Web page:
1.  The methodology has been applied consistently across the majority of NHS organisations. One local health board has been unable to supply the number of funded FTE posts through the finance general ledger to date. For the data supplied referring to 31 March 2023, data for the medical and dental staff group and the registered nursing, midwifery and health visiting staff has been supplied based on ‘establishment control’ through the ESR. This method is similar to obtaining funded FTE posts through the general ledger and is likely to be broadly comparable to the method used in other NHS organisations. Data for funded posts for all other staff groups has been supplied by asking the departments directly, which is unlikely to be consistent with the method used in all other NHS organisations. 
  2. In two other health boards the agreed data collection method has been implemented but has resulted in both reporting a very low number of vacancies across some staff groups. The reasons for this are still being investigated, but it is likely the number of vacancies are under-reported in these two health boards.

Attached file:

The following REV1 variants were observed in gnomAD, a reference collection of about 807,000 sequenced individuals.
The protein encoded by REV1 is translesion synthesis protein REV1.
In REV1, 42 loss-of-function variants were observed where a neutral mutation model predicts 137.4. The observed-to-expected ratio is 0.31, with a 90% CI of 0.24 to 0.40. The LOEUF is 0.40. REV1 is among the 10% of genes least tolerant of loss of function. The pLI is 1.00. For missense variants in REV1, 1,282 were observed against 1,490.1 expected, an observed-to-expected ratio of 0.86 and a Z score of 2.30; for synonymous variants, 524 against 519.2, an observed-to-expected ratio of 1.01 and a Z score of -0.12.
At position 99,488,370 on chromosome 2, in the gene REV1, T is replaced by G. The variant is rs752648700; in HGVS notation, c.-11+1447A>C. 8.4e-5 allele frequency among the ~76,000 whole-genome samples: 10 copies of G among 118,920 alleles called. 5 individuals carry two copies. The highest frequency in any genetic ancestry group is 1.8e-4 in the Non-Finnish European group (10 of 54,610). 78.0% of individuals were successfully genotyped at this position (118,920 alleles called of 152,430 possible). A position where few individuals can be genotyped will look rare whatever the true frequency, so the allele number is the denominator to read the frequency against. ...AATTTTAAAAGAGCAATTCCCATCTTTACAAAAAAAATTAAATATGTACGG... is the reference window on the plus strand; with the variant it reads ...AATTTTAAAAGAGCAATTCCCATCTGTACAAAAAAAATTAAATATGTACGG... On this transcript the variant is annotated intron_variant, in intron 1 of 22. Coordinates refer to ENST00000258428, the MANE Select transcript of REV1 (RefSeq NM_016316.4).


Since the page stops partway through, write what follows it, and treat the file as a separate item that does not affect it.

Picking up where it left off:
3. Any staff recorded as doctors in training, dentists in training, or pre-registration pharmacists, are not included in this release. There are complexities in counting ‘vacancies’ of these types of posts as local health boards hold a budget for these staff but the majority will be employed by NHS Wales Shared Services Partnership through the Single Lead Employer scheme. Health boards can also employ staff coded as trainees directly, without them being formal trainees through the Single Lead Employer. Measuring vacancies of these types of staff will be developed in future months.